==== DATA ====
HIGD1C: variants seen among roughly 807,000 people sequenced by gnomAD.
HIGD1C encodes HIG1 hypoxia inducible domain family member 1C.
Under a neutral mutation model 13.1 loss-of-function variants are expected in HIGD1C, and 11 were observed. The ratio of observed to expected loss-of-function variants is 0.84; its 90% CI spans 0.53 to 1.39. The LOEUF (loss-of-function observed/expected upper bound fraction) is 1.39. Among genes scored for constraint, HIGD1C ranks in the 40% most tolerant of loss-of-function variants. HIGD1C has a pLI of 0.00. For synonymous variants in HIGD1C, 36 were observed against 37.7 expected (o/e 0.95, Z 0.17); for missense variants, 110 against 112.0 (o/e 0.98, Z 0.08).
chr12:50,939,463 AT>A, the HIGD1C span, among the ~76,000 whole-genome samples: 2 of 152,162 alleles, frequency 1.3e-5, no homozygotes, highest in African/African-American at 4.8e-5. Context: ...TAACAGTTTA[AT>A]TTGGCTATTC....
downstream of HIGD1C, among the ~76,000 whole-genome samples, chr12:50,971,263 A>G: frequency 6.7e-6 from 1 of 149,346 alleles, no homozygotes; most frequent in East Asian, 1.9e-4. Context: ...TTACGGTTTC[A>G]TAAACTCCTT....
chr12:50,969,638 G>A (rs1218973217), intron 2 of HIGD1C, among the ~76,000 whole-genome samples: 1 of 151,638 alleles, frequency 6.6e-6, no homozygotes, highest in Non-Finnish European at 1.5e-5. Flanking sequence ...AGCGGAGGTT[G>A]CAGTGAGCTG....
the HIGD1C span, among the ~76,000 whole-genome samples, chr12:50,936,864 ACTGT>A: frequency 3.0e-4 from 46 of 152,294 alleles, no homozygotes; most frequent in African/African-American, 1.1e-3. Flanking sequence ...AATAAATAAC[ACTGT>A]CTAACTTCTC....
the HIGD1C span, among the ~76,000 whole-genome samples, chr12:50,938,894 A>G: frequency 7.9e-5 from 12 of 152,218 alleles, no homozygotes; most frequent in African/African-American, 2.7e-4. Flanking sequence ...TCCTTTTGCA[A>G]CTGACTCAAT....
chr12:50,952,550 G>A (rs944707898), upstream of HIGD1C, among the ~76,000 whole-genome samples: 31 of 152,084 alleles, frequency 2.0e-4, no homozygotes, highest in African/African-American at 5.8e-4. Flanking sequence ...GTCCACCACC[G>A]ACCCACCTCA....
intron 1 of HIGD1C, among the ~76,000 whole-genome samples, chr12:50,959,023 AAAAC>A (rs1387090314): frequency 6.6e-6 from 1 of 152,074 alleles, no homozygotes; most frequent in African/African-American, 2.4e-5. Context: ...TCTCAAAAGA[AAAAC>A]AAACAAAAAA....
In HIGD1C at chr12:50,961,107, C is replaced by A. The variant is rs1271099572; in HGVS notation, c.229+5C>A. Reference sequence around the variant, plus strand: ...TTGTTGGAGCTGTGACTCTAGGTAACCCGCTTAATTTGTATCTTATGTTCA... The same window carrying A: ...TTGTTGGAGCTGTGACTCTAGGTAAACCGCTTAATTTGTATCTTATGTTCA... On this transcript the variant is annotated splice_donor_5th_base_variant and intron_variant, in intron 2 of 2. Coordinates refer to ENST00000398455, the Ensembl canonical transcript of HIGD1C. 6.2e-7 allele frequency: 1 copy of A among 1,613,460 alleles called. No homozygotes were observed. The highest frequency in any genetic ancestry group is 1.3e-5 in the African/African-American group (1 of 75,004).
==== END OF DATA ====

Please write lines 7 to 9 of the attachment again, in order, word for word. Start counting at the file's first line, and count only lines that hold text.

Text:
the HIGD1C span, among the ~76,000 whole-genome samples, chr12:50,936,864 ACTGT>A: frequency 3.0e-4 from 46 of 152,294 alleles, no homozygotes; most frequent in African/African-American, 1.1e-3. Flanking sequence ...AATAAATAAC[ACTGT>A]CTAACTTCTC....
the HIGD1C span, among the ~76,000 whole-genome samples, chr12:50,938,894 A>G: frequency 7.9e-5 from 12 of 152,218 alleles, no homozygotes; most frequent in African/African-American, 2.7e-4. Flanking sequence ...TCCTTTTGCA[A>G]CTGACTCAAT....
chr12:50,952,550 G>A (rs944707898), upstream of HIGD1C, among the ~76,000 whole-genome samples: 31 of 152,084 alleles, frequency 2.0e-4, no homozygotes, highest in African/African-American at 5.8e-4. Flanking sequence ...GTCCACCACC[G>A]ACCCACCTCA....